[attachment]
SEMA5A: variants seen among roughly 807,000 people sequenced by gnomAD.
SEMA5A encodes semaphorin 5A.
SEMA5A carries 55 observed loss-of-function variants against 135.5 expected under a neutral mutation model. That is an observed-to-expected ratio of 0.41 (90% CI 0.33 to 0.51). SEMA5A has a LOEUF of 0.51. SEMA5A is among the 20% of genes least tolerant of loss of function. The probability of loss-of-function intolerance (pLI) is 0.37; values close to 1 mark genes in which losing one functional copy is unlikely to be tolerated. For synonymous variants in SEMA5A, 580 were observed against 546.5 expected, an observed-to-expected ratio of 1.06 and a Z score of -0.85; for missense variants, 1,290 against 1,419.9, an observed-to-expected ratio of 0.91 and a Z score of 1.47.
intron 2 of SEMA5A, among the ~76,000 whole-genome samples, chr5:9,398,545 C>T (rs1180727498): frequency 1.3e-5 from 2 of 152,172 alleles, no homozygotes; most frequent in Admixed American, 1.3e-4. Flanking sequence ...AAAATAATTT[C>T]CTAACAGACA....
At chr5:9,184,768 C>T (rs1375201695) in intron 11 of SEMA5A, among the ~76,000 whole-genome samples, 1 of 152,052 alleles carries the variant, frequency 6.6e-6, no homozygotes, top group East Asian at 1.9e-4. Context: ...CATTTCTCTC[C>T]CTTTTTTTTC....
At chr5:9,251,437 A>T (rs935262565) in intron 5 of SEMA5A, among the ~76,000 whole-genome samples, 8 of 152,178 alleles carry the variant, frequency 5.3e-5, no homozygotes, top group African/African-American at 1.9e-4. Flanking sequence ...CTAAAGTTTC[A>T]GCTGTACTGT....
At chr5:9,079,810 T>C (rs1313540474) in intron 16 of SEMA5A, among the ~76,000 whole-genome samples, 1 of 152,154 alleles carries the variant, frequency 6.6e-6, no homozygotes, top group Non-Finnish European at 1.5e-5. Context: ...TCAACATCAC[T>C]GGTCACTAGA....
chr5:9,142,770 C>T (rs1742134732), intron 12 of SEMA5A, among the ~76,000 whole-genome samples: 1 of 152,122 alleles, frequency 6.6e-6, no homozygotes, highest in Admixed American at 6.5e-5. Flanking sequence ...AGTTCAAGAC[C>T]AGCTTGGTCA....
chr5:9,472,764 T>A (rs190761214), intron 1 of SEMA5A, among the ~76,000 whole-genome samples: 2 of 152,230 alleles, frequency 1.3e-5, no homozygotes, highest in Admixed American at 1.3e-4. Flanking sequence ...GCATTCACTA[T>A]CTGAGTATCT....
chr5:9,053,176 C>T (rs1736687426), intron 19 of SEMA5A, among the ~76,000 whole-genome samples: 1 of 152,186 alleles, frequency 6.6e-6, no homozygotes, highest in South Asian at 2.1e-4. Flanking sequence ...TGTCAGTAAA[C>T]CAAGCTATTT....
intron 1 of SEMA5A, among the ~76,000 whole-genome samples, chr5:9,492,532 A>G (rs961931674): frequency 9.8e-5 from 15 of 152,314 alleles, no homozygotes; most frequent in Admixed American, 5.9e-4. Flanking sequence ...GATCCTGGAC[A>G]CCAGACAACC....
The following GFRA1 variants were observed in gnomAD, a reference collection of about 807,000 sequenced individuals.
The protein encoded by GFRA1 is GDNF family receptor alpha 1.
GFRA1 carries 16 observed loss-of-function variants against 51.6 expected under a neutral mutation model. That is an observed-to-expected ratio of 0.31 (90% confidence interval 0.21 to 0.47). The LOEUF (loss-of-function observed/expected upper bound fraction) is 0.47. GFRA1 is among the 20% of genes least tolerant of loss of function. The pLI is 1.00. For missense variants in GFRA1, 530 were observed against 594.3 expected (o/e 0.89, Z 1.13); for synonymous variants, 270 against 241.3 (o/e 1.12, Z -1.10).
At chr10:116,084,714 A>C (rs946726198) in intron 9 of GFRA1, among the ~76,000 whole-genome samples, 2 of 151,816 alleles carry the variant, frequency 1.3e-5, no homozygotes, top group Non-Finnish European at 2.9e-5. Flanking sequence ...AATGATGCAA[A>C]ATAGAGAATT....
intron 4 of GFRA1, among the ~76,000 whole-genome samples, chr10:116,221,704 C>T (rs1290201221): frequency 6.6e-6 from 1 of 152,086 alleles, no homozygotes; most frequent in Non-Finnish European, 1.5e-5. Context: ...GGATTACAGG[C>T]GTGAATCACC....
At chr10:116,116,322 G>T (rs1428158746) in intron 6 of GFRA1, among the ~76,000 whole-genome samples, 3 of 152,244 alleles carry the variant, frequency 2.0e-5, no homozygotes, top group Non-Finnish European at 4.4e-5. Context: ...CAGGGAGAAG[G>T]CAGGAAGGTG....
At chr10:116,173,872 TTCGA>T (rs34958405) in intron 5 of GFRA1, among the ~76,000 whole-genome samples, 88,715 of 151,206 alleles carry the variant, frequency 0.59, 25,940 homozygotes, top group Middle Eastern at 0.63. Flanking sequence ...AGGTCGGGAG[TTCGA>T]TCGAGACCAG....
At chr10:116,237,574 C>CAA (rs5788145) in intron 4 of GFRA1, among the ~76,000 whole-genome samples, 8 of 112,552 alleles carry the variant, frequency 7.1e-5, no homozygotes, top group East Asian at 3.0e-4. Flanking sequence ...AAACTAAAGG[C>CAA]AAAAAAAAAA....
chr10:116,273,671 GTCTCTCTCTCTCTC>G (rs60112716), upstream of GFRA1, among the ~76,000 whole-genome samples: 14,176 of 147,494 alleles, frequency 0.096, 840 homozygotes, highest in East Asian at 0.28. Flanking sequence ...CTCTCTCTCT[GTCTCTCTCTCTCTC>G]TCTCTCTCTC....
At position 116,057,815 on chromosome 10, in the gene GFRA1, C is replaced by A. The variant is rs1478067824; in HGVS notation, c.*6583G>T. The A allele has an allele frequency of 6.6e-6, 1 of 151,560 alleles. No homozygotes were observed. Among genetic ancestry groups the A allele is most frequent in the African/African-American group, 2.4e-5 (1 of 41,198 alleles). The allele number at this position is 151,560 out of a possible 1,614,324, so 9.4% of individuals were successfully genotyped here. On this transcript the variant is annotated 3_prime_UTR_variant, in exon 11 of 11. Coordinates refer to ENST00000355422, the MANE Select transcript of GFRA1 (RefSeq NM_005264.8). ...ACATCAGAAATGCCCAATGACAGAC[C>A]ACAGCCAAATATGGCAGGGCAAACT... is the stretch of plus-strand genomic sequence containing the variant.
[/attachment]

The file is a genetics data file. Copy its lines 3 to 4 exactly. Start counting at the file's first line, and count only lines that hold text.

SEMA5A carries 55 observed loss-of-function variants against 135.5 expected under a neutral mutation model. That is an observed-to-expected ratio of 0.41 (90% CI 0.33 to 0.51). SEMA5A has a LOEUF of 0.51. SEMA5A is among the 20% of genes least tolerant of loss of function. The probability of loss-of-function intolerance (pLI) is 0.37; values close to 1 mark genes in which losing one functional copy is unlikely to be tolerated. For synonymous variants in SEMA5A, 580 were observed against 546.5 expected, an observed-to-expected ratio of 1.06 and a Z score of -0.85; for missense variants, 1,290 against 1,419.9, an observed-to-expected ratio of 0.91 and a Z score of 1.47.
intron 2 of SEMA5A, among the ~76,000 whole-genome samples, chr5:9,398,545 C>T (rs1180727498): frequency 1.3e-5 from 2 of 152,172 alleles, no homozygotes; most frequent in Admixed American, 1.3e-4. Flanking sequence ...AAAATAATTT[C>T]CTAACAGACA....